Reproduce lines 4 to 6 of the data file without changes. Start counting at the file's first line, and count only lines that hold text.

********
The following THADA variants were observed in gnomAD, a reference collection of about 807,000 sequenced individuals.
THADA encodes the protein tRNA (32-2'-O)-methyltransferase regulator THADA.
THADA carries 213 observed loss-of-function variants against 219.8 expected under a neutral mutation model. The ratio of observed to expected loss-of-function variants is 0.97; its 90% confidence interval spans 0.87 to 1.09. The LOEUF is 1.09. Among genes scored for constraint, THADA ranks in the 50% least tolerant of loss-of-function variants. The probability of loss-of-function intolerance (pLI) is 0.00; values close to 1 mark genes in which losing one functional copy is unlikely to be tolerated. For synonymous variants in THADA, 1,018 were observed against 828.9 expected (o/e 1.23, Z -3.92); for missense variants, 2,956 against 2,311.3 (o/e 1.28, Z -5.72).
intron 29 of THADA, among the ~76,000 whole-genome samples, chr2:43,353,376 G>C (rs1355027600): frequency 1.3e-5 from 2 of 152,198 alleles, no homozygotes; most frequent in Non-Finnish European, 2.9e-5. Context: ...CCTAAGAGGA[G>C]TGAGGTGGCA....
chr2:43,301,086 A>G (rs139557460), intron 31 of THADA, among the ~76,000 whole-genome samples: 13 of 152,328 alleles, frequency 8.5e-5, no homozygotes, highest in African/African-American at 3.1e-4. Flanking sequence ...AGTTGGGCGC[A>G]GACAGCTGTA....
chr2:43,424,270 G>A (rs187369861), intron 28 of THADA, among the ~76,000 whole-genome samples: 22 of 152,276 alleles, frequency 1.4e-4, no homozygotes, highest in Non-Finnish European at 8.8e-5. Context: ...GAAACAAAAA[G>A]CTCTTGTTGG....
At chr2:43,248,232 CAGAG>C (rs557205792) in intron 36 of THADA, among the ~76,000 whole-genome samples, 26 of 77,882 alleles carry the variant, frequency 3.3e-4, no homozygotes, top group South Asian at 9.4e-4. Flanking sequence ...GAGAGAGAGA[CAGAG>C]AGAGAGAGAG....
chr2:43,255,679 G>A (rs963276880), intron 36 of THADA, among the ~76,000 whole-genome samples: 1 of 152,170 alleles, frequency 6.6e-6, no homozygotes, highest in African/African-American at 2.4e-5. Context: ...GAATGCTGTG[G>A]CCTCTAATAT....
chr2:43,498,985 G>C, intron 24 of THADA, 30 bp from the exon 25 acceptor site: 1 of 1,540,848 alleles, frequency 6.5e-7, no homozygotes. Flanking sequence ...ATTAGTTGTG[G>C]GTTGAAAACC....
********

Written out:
intron 29 of THADA, among the ~76,000 whole-genome samples, chr2:43,353,376 G>C (rs1355027600): frequency 1.3e-5 from 2 of 152,198 alleles, no homozygotes; most frequent in Non-Finnish European, 2.9e-5. Context: ...CCTAAGAGGA[G>C]TGAGGTGGCA....
chr2:43,301,086 A>G (rs139557460), intron 31 of THADA, among the ~76,000 whole-genome samples: 13 of 152,328 alleles, frequency 8.5e-5, no homozygotes, highest in African/African-American at 3.1e-4. Flanking sequence ...AGTTGGGCGC[A>G]GACAGCTGTA....
chr2:43,424,270 G>A (rs187369861), intron 28 of THADA, among the ~76,000 whole-genome samples: 22 of 152,276 alleles, frequency 1.4e-4, no homozygotes, highest in Non-Finnish European at 8.8e-5. Context: ...GAAACAAAAA[G>A]CTCTTGTTGG....